• Ultra Low Emissions Zone to be London-Wide by 2023

Air Monitoring

Ultra Low Emissions Zone to be London-Wide by 2023

Sep 13 2022

Ever since the end of the first national stay-at-home order in 2020, the Mayor of London Sadiq Khan has been wrestling with London’s prospects for meeting its commitment to carbon neutrality. At this point, he had a decade – the deadline was 2030. A challenge, for sure, but not insurmountable. In the short-term, however, there was a pressing cash-flow problem in Transport for London, on account of the fact that ticket sales had fallen significantly and abruptly during the lockdown – journeys on the Tube, in particular, plummeted by 95%! And even though the strictest restrictions on social distancing had been lifted, Londoners weren’t exactly lining up to use the city’s packed and unventilated Underground with the pandemic far from over. Ultimately, the Mayor had to bail TfL out; to the tune of £1.8 billion, no less. But these two problems, one long-term and one short-term, seem to have given Sadiq Khan an idea. 

It was recently revealed that in order for London to meet its duty to British climate targets, the capital will have to see a reduction in car journeys within its city-limits by almost a third (27%). Whilst some of those journeys would instead be made on foot or by bike, it’s likely that a majority would take public transport. Clearly, then, there’s a necessary connection between refilling the coffers of Transport for London and moving towards carbon neutrality. It was this connection made by the Mayor’s office in 2020, when proposals for reducing car journeys began to be floated. 

Initially, there were two proposals, one after the other – both roundly dismissed by Londoners. First, there was the Clean Air Charge, which was, to some extent, a sort of prototype of the new policy, which would have imposed a daily charge of £2 for petrol or diesel vehicles registered in London, a charge that would have affected 2 million households. Next came the Greater London Boundary Charge, a kind of toll of £3.50 per day for vehicles registered outside of London that journey across the Greater London Boundary.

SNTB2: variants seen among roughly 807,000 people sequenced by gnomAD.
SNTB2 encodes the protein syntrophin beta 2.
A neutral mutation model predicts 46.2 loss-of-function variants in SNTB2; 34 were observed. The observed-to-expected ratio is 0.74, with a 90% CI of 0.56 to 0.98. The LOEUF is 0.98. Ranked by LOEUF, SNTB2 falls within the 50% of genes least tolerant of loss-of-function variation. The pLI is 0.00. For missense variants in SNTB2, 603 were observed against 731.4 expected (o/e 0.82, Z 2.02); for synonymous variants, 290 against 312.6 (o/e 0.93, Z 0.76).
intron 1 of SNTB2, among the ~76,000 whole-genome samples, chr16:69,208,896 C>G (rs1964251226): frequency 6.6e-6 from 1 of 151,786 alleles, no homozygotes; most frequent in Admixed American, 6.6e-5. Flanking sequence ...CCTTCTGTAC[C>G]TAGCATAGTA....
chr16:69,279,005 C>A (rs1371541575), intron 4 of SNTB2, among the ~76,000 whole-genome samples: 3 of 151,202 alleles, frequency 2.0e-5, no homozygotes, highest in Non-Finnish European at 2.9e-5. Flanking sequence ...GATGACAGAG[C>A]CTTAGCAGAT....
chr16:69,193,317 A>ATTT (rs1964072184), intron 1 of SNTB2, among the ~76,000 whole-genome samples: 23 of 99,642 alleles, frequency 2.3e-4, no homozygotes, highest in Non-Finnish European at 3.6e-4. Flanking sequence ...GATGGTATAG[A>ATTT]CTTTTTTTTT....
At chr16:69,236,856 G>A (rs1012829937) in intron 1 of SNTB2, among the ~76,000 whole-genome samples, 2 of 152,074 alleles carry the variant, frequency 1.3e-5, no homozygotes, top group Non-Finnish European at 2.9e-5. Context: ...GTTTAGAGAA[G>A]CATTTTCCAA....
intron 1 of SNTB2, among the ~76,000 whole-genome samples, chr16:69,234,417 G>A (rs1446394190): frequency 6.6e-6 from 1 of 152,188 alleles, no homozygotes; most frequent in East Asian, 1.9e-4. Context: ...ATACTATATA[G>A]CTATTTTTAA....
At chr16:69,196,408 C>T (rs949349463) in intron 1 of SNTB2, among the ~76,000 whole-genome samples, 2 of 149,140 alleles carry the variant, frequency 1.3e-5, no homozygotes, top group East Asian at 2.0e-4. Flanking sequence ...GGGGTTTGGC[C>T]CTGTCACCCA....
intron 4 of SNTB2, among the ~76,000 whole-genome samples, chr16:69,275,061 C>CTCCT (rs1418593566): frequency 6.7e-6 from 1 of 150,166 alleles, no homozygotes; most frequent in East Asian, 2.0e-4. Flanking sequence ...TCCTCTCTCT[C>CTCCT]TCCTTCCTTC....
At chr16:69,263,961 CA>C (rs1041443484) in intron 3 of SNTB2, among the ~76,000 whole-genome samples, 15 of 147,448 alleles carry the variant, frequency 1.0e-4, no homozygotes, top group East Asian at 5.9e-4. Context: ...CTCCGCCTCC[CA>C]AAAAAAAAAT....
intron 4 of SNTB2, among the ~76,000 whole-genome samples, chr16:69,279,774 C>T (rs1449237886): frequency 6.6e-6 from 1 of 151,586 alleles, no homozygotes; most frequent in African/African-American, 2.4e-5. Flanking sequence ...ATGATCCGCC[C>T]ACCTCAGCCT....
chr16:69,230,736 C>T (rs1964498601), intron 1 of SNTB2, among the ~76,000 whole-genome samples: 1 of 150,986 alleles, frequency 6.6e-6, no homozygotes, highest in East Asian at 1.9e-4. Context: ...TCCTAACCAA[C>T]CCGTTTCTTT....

Finally, there is the proposal that is now due to be executed sometime in 2023. An expansion of the city’s numerous Ultra Low Emissions Zones into one London-wide ULEZ and the scrapping of all currently existing road-user charges, like the Congestion Charge and the various rates of the different ULEZs, in favour of a single system that charges motorists on a mile-by-mile basis. It’s hoped that a single, universal jurisdiction like this will, nevertheless, allow for targeted levies, with different charges for different vehicles and areas. Most interestingly, one criteria of difference for the latter is the convenience of public transport, meaning that it will be more expensive to drive in areas that are easily accessible by bus or train. Of course, this is one of the expected outcomes of the mega-ULEZ: getting Londoners out of motorcars and into train cars.  

Of course, Londoners will still want to drive, but the aim is to incentivise the purchase of more eco-friendly rides – although you will still be charged for entering typically congested areas and, as has been mentioned, locations with convenient public transport routes. Perhaps sponsored by the national government, the Mayor of London will incentivise, with discounts and grants, the selling of older, more polluting cars in favour of newer, greener models (or just to get some extra cash for all of your new journeys on the Underground).  

Before coming into effect in 2023, the proposal will be subjected to impact assessments, consultations and, finally, confirmation by the Mayor.  

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International Environmental Technology 32.6 - Nov/Dec 2022

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